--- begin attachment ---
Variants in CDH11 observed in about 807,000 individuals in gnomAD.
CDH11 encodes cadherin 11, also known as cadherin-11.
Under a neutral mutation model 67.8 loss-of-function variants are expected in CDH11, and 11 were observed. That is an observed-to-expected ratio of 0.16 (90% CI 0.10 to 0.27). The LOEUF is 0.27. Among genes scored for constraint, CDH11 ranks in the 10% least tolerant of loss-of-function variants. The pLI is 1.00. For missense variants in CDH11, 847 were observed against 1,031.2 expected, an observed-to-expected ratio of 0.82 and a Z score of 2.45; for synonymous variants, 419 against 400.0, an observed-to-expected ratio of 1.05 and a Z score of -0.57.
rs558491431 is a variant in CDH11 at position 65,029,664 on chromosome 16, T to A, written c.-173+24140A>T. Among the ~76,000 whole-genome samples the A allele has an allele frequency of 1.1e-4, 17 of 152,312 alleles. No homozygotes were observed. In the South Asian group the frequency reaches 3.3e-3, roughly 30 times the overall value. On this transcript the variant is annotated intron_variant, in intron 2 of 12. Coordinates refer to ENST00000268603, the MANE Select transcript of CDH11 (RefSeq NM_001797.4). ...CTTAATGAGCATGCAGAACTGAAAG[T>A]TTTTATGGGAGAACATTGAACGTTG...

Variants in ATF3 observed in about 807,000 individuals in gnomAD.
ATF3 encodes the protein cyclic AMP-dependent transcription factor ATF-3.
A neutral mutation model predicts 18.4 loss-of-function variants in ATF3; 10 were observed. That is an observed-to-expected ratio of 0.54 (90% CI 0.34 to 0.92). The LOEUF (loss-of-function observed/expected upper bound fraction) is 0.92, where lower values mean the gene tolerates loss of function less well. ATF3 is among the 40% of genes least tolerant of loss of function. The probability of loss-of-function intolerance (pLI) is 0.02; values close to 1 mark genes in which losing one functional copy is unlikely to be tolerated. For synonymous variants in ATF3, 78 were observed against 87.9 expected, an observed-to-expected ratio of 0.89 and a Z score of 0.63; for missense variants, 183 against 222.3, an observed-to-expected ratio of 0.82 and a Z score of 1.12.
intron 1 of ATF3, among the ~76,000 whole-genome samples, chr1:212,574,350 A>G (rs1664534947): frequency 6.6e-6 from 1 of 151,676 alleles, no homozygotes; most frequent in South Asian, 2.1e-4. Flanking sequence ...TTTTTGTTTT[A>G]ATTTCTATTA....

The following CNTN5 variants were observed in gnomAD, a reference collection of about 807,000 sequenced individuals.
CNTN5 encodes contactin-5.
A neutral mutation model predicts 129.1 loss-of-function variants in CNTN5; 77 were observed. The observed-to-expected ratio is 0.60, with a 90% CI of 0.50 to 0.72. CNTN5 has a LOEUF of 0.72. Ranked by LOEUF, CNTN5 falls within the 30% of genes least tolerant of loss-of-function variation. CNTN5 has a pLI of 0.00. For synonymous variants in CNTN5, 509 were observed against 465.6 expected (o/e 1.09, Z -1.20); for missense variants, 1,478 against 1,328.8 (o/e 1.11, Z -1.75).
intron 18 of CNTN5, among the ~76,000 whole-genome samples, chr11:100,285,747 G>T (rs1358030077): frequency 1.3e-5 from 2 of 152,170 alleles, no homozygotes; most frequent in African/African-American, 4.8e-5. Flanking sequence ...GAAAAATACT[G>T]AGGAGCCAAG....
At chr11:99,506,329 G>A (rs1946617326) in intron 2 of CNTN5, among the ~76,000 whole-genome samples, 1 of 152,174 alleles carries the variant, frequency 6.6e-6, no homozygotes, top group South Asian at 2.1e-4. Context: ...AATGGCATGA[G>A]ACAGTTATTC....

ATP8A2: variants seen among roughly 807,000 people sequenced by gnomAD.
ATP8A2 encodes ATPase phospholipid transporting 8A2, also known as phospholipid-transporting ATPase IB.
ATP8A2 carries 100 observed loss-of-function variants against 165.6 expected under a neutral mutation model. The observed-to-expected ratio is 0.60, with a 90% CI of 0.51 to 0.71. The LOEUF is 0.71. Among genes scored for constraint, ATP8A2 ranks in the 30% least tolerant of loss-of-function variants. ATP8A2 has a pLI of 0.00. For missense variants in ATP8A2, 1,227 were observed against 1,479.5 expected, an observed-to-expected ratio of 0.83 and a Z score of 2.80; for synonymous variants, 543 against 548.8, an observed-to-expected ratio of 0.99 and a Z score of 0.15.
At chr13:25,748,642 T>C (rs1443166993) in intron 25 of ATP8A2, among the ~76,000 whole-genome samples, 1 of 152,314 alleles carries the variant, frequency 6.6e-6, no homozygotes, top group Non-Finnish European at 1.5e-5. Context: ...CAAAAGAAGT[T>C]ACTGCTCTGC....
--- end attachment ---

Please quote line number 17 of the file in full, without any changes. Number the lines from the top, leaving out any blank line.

At chr13:25,748,642 T>C (rs1443166993) in intron 25 of ATP8A2, among the ~76,000 whole-genome samples, 1 of 152,314 alleles carries the variant, frequency 6.6e-6, no homozygotes, top group Non-Finnish European at 1.5e-5. Context: ...CAAAAGAAGT[T>C]ACTGCTCTGC....